Though vaping is encouraged by a number of official bodies, including Cancer Research UK and the NHS, as a safer alternative to smoking or quitting aid, we still need to ensure only those over 18 years old are accessing the products and vaping. So, in this post we will look at how to discourage teen vaping.
Dispelling myths about a “teen vaping epidemic”
There seems to be several sensationalist articles floating about citing dubious teen vaping facts and presenting some kind of “teen vaping epidemic” – this should actually be called a “mis-information epidemic”! As we highlighted in our post, “Are Sweet E Liquids Encouraging Children to Vape?”, the ASH 2018 survey showed only a slight increase in UK 11-18-year-olds who had tried e-cigarettes from 2013 to 2018. Regular e-cigarette use continued to be rare at just 2% of respondents and that group consists mainly of current or ex-tobacco smokers.
We also must factor in that, according to the Office of National Statistics, smoking rates in the UK for those over aged 16 are falling and the number of people quitting is increasing. As a result, some teens between 16-18 may have tried vaping as alternative to smoking or to quit altogether.
Now, while we would never say it was fine for anyone under 18 to be vaping, it’s at least a lot safer than smoking. That said, we don’t want under-18s smoking or vaping. But as vaping can’t really be discouraged on health grounds (as opposed to tobacco) what other approaches can we take?
Why discourage teen vaping?
Well, firstly, it’s against the law for under-18s to buy or use vaping products. Even without that law in place, vaping is not for teens or children. Nicotine is a highly addictive chemical, and though numerous studies have shown that vaping nicotine-containing e-liquids does not act as a gateway to smoking, it’s still not something anyone under 18 should be becoming accustomed to.
What is the government doing to discourage teen vaping?
It is understandable that the government is reluctant to actively discourage vaping in general because of the conflict it would have with, among other health authorities, the NHS, which condones vaping as a safer alternative to smoking.
The limit to government intervention is laws concerning the buying and selling of vaping products, i.e. UK retailers are banned from selling e-cigarettes and e-liquids to anyone under 18 years old. It is also illegal for adults to buy (or try to buy) e-cigarettes for anyone under 18.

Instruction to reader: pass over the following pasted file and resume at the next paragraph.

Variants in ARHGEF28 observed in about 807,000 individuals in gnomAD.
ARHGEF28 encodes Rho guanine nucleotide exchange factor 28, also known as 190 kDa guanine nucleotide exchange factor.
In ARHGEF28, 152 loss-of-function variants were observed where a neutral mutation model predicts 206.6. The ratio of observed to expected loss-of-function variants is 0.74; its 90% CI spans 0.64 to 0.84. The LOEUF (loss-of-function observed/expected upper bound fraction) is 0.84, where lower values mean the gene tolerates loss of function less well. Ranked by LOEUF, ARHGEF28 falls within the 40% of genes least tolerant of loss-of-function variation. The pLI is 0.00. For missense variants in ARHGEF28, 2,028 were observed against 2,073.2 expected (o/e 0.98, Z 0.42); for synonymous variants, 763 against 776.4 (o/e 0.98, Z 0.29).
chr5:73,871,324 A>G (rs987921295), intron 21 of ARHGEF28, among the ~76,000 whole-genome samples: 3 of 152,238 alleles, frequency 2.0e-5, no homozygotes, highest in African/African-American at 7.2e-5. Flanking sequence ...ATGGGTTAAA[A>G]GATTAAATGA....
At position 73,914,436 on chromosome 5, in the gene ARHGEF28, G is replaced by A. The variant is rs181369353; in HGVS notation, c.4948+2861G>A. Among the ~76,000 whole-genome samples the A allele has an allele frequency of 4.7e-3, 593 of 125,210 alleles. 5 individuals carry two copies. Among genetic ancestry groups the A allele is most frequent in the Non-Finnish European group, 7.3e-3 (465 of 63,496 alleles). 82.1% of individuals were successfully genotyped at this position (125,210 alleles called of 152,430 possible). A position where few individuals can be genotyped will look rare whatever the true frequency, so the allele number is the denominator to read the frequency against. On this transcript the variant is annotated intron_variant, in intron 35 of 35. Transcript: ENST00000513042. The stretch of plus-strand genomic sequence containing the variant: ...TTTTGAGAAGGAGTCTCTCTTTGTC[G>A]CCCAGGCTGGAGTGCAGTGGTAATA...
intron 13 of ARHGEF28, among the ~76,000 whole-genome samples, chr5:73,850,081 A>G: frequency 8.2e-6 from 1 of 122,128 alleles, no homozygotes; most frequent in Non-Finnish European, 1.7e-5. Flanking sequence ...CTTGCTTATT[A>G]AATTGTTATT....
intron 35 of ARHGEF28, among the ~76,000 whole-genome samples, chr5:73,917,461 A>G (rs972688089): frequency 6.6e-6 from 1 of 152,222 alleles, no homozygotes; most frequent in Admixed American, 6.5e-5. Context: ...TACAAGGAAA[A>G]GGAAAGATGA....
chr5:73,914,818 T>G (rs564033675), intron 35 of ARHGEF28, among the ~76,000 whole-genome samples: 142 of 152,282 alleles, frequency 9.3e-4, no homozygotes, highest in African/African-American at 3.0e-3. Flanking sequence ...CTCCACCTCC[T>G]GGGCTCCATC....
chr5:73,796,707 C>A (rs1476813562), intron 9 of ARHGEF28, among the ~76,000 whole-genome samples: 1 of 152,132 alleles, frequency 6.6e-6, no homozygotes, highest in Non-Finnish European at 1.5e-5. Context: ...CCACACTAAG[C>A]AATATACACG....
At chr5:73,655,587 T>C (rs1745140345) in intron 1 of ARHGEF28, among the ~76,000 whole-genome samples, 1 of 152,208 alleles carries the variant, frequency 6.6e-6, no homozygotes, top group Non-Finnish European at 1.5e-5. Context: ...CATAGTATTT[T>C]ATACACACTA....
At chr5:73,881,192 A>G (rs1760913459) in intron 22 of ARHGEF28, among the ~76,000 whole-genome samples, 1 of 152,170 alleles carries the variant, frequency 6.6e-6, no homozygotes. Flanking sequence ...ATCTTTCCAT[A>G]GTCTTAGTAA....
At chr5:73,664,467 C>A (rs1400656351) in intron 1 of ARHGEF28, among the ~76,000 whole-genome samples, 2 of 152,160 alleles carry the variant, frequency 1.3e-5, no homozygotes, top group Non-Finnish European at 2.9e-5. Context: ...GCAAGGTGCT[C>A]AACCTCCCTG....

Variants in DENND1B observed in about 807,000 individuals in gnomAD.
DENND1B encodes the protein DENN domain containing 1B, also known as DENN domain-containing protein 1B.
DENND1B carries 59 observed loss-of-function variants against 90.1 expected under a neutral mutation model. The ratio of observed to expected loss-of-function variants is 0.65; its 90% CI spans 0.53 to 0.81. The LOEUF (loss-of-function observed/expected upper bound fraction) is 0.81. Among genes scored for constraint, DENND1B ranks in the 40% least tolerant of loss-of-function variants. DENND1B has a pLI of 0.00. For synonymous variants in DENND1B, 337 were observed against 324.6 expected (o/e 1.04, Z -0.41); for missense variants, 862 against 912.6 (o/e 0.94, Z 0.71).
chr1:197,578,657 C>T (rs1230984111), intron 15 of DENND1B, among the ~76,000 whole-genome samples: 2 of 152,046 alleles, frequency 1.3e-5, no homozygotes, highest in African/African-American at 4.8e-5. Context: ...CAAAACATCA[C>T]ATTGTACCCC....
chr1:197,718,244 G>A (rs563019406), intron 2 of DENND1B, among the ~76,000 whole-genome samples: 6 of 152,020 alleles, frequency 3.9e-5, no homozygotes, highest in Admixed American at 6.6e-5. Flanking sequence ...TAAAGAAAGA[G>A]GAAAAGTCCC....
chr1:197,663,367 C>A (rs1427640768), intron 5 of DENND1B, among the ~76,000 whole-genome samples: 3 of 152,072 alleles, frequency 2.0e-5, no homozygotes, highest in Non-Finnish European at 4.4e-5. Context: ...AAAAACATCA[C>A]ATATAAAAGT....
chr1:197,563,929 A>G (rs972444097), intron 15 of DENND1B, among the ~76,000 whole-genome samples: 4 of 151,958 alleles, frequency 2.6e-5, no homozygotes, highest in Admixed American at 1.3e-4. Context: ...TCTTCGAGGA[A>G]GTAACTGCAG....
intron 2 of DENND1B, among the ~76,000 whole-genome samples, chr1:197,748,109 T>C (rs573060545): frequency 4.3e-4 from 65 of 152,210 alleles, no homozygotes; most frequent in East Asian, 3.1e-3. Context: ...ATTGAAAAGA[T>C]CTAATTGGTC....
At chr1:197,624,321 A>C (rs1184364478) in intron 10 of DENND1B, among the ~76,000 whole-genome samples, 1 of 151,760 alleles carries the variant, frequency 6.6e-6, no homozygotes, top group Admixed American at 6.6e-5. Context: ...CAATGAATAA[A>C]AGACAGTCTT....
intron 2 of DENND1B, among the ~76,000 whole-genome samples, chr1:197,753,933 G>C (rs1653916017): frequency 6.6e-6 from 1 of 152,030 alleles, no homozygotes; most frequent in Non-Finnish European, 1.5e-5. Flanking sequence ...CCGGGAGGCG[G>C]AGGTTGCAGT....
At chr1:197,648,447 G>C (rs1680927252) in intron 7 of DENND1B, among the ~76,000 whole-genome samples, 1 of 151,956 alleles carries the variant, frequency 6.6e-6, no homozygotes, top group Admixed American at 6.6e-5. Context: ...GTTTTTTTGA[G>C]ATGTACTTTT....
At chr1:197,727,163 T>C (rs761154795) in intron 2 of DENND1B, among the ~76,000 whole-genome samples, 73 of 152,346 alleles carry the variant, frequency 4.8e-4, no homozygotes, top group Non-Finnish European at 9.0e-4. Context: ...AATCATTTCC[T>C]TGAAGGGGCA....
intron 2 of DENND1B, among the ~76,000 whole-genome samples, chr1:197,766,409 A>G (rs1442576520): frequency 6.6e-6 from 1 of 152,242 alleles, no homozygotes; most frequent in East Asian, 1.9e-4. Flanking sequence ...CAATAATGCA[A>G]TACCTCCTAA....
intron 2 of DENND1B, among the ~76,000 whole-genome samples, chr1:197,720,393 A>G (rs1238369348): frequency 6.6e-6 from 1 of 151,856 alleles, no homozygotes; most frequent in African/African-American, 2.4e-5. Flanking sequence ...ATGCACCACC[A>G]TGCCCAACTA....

However, as we all know, teenagers can usually find what they want even if they aren’t supposed to!
There are also tight restrictions on promotion and advertising of vaping products to under-18s. These go some way to shielding teens from vaping but with e-liquid shops on almost every high street in Britain as well as the Internet and social media, it’s hard to keep them from seeing and reading about vaping.
Here are some other methods that could be used to discourage teen vaping.
Enforcing vape-free school grounds
From 1st July 2007, all enclosed public places and workplaces became smoke-free in England. However, the Health and Safety Executive, the UK government authority responsible for workplace health and safety, does not enforce legislation or standards for using e-cigarettes in enclosed public places. It is up to schools themselves to put in place a firm vape-free school grounds policy and enforce it. Public Health England has issued a guidance to schools in this regard viewable here.
Ensuring vape product purchases on-line go to over-18s
Bricks and mortar retailers can easily check the age of their customers; for on-line retailers this can be trickier. Currently, the only way to ensure on-line sales are for over-18s is to have the customer consent that they are of legal age (in their country) to buy vaping products. Unfortunately, this is by no means fallible but until there are further technological advances, this is the best that can be done.
Increasing education on the dangers of nicotine addiction
Government and school initiatives to highlight to teens the dangers of smoking, alcohol and drug use are well-established and commonplace. Though vaping in general is not considered to pose a significant health risk, nicotine addiction can cause problems.
Nicotine is not a cancer-causing chemical but can cause other harmful physiological effects, including:
- Increased risk of stroke
- Increased blood clotting
- Increased risk of diabetes
- Muscle tremors
These are just a few of the side effects of nicotine. There are also the costs involved in keeping up the habit, and the difficulty quitting along with the unpleasant withdrawal symptoms which include agitation, anxiety and depression.
So, perhaps educating young people on the dangers of nicotine addiction would be a good angle for the government and schools (and parents) to take to discourage teen vaping, without placing it in the same category as smoking.
No easy answer on how to discourage teen vaping
Teenagers are easily led by their peers and are likely to do whatever they like however much we discourage them or set age limits. We can only do our best with shielding them from vaping products and advertising. Education would probably be the best angle to take to discourage teen vaping and we can at least rest on the fact that there is actually no “teen vaping epidemic” and in reality, relatively few teens actually do vape.
What are your thoughts on how to discourage teen vaping? Start the discussion in the comments below.
In the sea of mis-information about vaping, you should go to reputable sources for your information. Find out who you can trust with our article on Facts About Vaping – Who Can You Trust?
If you’re wondering how vaping can help you stop smoking, check out our post on Quitting Smoking With Vaping.
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